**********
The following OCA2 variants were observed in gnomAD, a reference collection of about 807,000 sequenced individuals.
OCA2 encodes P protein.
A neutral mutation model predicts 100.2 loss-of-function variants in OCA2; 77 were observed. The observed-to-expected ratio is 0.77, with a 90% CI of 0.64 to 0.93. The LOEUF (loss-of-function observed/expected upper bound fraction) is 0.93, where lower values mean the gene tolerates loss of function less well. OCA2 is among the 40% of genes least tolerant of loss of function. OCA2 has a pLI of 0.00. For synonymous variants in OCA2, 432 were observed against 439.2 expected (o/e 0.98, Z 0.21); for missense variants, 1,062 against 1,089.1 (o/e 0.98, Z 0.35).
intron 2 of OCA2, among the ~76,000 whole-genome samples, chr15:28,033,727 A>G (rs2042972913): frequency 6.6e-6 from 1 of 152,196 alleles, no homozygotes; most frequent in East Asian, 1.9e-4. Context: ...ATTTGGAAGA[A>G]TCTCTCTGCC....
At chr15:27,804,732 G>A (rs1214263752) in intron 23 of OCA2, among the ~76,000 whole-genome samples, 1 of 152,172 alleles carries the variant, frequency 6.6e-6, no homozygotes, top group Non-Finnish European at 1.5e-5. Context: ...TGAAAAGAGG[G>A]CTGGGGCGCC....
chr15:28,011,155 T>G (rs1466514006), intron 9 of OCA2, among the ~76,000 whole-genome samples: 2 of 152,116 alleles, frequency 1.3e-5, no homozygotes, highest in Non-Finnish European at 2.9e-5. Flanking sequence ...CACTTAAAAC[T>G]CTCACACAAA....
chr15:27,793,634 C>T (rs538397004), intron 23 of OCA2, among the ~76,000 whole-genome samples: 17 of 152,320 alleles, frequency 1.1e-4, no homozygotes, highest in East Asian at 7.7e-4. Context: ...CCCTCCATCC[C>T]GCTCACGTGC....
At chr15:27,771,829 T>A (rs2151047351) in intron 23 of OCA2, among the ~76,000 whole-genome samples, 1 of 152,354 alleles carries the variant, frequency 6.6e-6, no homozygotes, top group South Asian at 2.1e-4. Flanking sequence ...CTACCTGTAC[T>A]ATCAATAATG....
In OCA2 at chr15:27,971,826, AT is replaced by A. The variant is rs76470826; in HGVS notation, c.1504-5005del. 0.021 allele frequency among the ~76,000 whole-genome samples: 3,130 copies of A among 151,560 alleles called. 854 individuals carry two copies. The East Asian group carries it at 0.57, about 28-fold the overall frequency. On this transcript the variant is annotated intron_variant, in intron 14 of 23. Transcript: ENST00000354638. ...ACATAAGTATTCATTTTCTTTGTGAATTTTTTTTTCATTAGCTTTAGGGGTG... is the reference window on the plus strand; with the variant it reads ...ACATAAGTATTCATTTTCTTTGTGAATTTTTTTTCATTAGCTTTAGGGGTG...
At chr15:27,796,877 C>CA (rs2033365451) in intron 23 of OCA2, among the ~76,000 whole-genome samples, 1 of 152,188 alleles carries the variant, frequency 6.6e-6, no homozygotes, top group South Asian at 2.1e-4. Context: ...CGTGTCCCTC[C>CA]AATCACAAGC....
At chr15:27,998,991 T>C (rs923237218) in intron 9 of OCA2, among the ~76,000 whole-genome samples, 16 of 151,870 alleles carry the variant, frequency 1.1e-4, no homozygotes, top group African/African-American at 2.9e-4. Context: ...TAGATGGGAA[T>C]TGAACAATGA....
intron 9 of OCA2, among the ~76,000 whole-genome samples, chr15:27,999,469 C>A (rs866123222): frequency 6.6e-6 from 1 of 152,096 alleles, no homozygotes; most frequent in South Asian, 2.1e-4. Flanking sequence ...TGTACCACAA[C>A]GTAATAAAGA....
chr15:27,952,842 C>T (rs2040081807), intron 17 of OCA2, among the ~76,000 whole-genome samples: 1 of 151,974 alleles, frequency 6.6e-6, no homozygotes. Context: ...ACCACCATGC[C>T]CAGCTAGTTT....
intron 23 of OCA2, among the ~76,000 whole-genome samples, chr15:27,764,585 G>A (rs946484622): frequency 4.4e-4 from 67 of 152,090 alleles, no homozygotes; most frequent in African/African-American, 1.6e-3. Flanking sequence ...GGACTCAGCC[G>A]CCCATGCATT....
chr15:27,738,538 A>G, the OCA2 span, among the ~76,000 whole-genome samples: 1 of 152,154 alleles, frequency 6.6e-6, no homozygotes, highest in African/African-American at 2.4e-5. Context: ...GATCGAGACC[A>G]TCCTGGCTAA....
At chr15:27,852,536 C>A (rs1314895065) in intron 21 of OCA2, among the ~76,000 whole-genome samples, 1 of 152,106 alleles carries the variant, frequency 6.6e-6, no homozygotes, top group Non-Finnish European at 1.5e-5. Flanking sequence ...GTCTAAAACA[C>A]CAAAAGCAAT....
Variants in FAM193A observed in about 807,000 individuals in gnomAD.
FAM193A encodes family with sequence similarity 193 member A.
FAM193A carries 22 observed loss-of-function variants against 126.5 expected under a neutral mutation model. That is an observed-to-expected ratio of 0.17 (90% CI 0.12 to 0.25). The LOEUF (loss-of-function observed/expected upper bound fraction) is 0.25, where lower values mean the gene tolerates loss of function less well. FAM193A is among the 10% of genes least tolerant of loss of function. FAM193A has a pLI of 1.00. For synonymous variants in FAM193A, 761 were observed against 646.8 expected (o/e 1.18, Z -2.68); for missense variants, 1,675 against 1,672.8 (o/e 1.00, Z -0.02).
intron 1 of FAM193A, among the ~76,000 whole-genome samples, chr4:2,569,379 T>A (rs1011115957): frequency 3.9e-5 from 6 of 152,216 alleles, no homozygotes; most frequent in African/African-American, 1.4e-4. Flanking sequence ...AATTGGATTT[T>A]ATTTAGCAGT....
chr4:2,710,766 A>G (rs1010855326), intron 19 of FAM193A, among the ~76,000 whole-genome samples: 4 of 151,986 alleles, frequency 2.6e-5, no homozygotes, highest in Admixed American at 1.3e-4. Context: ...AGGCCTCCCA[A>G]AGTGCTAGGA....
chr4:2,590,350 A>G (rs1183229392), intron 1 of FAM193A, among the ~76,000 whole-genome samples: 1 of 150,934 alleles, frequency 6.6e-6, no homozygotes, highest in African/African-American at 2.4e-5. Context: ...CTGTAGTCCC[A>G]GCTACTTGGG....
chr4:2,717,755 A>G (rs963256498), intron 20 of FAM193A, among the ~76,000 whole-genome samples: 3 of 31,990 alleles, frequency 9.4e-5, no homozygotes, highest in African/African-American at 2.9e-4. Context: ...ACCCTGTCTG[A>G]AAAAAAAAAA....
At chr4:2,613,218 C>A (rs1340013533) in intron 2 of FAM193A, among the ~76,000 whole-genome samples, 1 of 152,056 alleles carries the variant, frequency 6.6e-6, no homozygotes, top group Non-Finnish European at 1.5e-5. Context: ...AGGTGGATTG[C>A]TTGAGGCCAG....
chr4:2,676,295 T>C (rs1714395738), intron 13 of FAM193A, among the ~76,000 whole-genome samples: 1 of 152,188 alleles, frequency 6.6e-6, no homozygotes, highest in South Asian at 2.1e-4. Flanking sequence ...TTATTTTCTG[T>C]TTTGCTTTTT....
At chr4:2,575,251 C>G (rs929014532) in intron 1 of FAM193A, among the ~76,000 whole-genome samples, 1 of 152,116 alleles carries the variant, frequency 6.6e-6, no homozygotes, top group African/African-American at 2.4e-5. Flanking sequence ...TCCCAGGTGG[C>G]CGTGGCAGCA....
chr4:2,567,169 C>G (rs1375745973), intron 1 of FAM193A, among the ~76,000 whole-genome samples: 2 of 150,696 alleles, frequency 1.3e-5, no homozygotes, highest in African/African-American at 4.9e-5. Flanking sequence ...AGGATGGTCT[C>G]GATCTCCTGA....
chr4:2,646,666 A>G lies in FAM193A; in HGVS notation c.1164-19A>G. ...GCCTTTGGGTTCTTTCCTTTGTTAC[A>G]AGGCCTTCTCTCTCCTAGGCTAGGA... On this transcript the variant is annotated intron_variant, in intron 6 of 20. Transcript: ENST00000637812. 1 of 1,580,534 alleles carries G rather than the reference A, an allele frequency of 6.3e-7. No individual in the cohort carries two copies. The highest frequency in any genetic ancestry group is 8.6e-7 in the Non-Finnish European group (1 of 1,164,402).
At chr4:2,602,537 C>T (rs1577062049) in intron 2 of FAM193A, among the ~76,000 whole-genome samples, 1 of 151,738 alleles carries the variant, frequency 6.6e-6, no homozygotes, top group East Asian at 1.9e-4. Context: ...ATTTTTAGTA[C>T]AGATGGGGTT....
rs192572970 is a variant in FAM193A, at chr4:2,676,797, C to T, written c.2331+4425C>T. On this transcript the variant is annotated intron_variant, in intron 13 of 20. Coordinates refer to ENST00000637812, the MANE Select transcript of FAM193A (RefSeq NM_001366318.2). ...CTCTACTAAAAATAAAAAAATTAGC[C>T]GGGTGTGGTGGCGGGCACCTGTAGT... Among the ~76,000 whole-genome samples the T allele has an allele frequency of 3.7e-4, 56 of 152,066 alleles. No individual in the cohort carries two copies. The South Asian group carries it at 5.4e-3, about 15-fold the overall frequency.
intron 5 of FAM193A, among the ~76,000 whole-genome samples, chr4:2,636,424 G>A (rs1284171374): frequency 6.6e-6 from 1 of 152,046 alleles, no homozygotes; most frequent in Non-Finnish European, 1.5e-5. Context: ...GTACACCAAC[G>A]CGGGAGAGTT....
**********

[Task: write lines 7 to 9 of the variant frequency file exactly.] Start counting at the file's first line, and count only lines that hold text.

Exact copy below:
chr15:27,793,634 C>T (rs538397004), intron 23 of OCA2, among the ~76,000 whole-genome samples: 17 of 152,320 alleles, frequency 1.1e-4, no homozygotes, highest in East Asian at 7.7e-4. Context: ...CCCTCCATCC[C>T]GCTCACGTGC....
At chr15:27,771,829 T>A (rs2151047351) in intron 23 of OCA2, among the ~76,000 whole-genome samples, 1 of 152,354 alleles carries the variant, frequency 6.6e-6, no homozygotes, top group South Asian at 2.1e-4. Flanking sequence ...CTACCTGTAC[T>A]ATCAATAATG....
In OCA2 at chr15:27,971,826, AT is replaced by A. The variant is rs76470826; in HGVS notation, c.1504-5005del. 0.021 allele frequency among the ~76,000 whole-genome samples: 3,130 copies of A among 151,560 alleles called. 854 individuals carry two copies. The East Asian group carries it at 0.57, about 28-fold the overall frequency. On this transcript the variant is annotated intron_variant, in intron 14 of 23. Transcript: ENST00000354638. ...ACATAAGTATTCATTTTCTTTGTGAATTTTTTTTTCATTAGCTTTAGGGGTG... is the reference window on the plus strand; with the variant it reads ...ACATAAGTATTCATTTTCTTTGTGAATTTTTTTTCATTAGCTTTAGGGGTG...